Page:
PLO leaders concerned about relocation of US Embassy

Trump's pick for Israel ambassador Friedman has consistently stated his support for relocating the US embassy to Jerusalem and for West Bank settlement construction.

December 21, 2016 03:18
2 minute read.
The US Consulate in Jerusalem

The US Consulate, on Jerusalem’s Agron Street. (photo credit: Wikimedia Commons)


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As less than one month separates President-elect Donald Trump from assuming the reins of the US presidency, senior Palestinian officials are growing increasingly concerned about the prospect of major changes in US policy regarding the Israeli-Palestinian conflict.

“We are very concerned about the US moving its embassy,” Wasel Abu Yousif, a PLO Executive Committee member, told The Jerusalem Post. “Such a move would be very dangerous, as it would entrench the occupation and violate all international legitimacy and laws.”

The international community does not recognize Jerusalem as Israel’s capital and holds that its final status should be determined in negotiations.

In the initial weeks following Trump’s election, the president-elect’s adviser sent mixed messages regarding the relocation of the US embassy from Tel Aviv to Jerusalem.

However, his nomination of David Friedman to be US ambassador to Israel has exacerbated Palestinian concerns that Trump will follow through with his campaign pledge to move the embassy.

Friedman, a bankruptcy lawyer from New York, has consistently stated his support for relocating the US embassy to Jerusalem and for West Bank settlement construction.

Hanna Amira, another PLO Executive Committee member, told the Post that moving the embassy would mark the official death of the peace process.

“Transferring the embassy to Jerusalem will destroy the peace process and quite possibly bring us back to point zero,” Amira said, adding that it would “negate the Oslo Accords and other signed agreements.”

During years of negotiations, the Israeli and Palestinian leaderships failed to reach a compromise on Jerusalem, which is considered one of the most complicated final status issues.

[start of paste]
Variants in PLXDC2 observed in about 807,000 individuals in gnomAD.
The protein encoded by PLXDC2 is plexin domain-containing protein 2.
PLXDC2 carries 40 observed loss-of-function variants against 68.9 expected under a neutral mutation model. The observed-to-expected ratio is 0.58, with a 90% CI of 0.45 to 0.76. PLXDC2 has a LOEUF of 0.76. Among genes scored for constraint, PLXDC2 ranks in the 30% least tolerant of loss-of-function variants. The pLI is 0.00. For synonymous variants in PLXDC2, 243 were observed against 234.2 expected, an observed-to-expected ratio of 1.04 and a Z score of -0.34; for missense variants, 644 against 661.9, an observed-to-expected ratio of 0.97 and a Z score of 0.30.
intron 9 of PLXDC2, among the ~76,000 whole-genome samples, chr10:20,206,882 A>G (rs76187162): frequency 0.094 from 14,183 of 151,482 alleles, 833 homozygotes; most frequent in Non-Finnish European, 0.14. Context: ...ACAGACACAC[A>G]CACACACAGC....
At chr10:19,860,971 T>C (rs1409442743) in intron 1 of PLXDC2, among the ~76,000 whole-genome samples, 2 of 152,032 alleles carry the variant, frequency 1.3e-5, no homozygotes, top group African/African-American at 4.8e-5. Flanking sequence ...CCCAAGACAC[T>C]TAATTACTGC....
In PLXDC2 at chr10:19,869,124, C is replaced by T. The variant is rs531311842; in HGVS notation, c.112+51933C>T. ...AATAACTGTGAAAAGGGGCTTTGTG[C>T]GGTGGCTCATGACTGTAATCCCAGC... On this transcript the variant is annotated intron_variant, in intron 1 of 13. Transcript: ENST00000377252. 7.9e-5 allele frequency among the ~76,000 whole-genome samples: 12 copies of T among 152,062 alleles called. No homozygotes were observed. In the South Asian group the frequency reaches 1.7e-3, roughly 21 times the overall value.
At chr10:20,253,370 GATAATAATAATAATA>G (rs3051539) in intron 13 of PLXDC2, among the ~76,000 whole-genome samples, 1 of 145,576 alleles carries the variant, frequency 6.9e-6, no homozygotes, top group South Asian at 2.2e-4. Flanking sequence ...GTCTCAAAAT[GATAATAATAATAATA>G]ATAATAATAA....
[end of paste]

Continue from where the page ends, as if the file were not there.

Both Abu Yousif and Amira said that the PLO has not discussed the possible responses it could take if the Trump administration moves the embassy.

Nonetheless, Amira said that the option of the PLO revoking its recognition of Israel “will be among the possible responses on the table.”

The PLO officially recognized the State of Israel in 1993 upon the signing of the Oslo Accords and theoretically would have to convene the Palestinian National Council, the PLO’s parliament, to officially revoke its recognition of Israel.

Ammar Hijazi, a PA Foreign Ministry spokesman, told the Post that the ministry does not want to make preemptive statements on the potential relocation of the embassy, but said, “If such a hostile move comes to fruition, we will go to all international bodies and courts to protest it.”

Hijazi continued that moving the embassy would not only negatively affect US-Palestinian relations, but also US relations with the Arab and Islamic world.

Moreover, Abu Yousif remarked that moving the embassy “could lead to popular responses in the form of large protests and sit-ins. The people are not going to sit back and accept it.”

However, despite all their concerns, Abu Yousif, Amira and Hijazi said that they still have hope that “Trump, the president” will be different “Trump, the candidate and president-elect.”

Amira said that “the general feeling is worrisome, but we are waiting to see what Trump will do when he takes office. He could surprise us.”

Hijazi remarked that not all elections promises are kept once a candidate assumes office.

“In the Israeli elections, we saw Netanyahu say he was against the two-state solution and then the day after say he supports it. I don’t think we should count out the possibility that Trump will hold different positions when he takes office,” Hijazi stated.

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